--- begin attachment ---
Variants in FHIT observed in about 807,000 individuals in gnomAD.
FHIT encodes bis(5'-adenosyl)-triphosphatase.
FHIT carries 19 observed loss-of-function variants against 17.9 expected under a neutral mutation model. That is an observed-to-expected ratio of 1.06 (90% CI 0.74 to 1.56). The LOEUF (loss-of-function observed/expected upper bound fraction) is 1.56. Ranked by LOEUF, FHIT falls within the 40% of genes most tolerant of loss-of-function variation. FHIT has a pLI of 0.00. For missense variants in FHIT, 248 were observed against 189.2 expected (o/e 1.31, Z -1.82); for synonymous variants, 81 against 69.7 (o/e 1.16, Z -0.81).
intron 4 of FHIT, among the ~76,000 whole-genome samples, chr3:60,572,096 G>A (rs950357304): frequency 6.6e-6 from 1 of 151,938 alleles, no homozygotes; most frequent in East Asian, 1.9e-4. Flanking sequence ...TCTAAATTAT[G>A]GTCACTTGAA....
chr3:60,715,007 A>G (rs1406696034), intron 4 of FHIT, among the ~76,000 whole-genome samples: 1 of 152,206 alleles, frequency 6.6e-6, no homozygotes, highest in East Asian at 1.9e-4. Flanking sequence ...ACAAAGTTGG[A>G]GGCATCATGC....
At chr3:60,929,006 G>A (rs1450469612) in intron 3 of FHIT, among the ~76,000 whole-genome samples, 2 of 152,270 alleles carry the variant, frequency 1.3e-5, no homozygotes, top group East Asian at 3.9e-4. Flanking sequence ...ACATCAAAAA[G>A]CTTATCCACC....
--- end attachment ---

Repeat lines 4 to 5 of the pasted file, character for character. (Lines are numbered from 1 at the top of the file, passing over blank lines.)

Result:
intron 4 of FHIT, among the ~76,000 whole-genome samples, chr3:60,572,096 G>A (rs950357304): frequency 6.6e-6 from 1 of 151,938 alleles, no homozygotes; most frequent in East Asian, 1.9e-4. Flanking sequence ...TCTAAATTAT[G>A]GTCACTTGAA....
chr3:60,715,007 A>G (rs1406696034), intron 4 of FHIT, among the ~76,000 whole-genome samples: 1 of 152,206 alleles, frequency 6.6e-6, no homozygotes, highest in East Asian at 1.9e-4. Flanking sequence ...ACAAAGTTGG[A>G]GGCATCATGC....